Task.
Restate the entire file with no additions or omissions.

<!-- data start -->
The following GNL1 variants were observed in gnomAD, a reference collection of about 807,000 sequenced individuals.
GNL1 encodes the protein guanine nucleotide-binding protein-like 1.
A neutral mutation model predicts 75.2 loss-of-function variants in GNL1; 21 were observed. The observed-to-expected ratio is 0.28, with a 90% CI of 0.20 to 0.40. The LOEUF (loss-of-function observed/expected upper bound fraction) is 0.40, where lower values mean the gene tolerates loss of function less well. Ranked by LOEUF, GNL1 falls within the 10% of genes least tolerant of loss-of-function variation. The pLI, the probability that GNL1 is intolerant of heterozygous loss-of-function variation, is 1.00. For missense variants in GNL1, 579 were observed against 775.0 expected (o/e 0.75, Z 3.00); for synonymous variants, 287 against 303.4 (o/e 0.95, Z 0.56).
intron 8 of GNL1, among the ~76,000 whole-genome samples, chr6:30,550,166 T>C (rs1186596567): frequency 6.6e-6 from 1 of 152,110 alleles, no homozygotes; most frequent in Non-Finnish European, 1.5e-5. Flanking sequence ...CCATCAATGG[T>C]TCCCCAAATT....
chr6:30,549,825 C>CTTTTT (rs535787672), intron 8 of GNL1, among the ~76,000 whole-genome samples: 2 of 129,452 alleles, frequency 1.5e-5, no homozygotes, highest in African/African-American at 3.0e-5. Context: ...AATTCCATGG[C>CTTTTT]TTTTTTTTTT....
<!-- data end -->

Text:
The following GNL1 variants were observed in gnomAD, a reference collection of about 807,000 sequenced individuals.
GNL1 encodes the protein guanine nucleotide-binding protein-like 1.
A neutral mutation model predicts 75.2 loss-of-function variants in GNL1; 21 were observed. The observed-to-expected ratio is 0.28, with a 90% CI of 0.20 to 0.40. The LOEUF (loss-of-function observed/expected upper bound fraction) is 0.40, where lower values mean the gene tolerates loss of function less well. Ranked by LOEUF, GNL1 falls within the 10% of genes least tolerant of loss-of-function variation. The pLI, the probability that GNL1 is intolerant of heterozygous loss-of-function variation, is 1.00. For missense variants in GNL1, 579 were observed against 775.0 expected (o/e 0.75, Z 3.00); for synonymous variants, 287 against 303.4 (o/e 0.95, Z 0.56).
intron 8 of GNL1, among the ~76,000 whole-genome samples, chr6:30,550,166 T>C (rs1186596567): frequency 6.6e-6 from 1 of 152,110 alleles, no homozygotes; most frequent in Non-Finnish European, 1.5e-5. Flanking sequence ...CCATCAATGG[T>C]TCCCCAAATT....
chr6:30,549,825 C>CTTTTT (rs535787672), intron 8 of GNL1, among the ~76,000 whole-genome samples: 2 of 129,452 alleles, frequency 1.5e-5, no homozygotes, highest in African/African-American at 3.0e-5. Context: ...AATTCCATGG[C>CTTTTT]TTTTTTTTTT....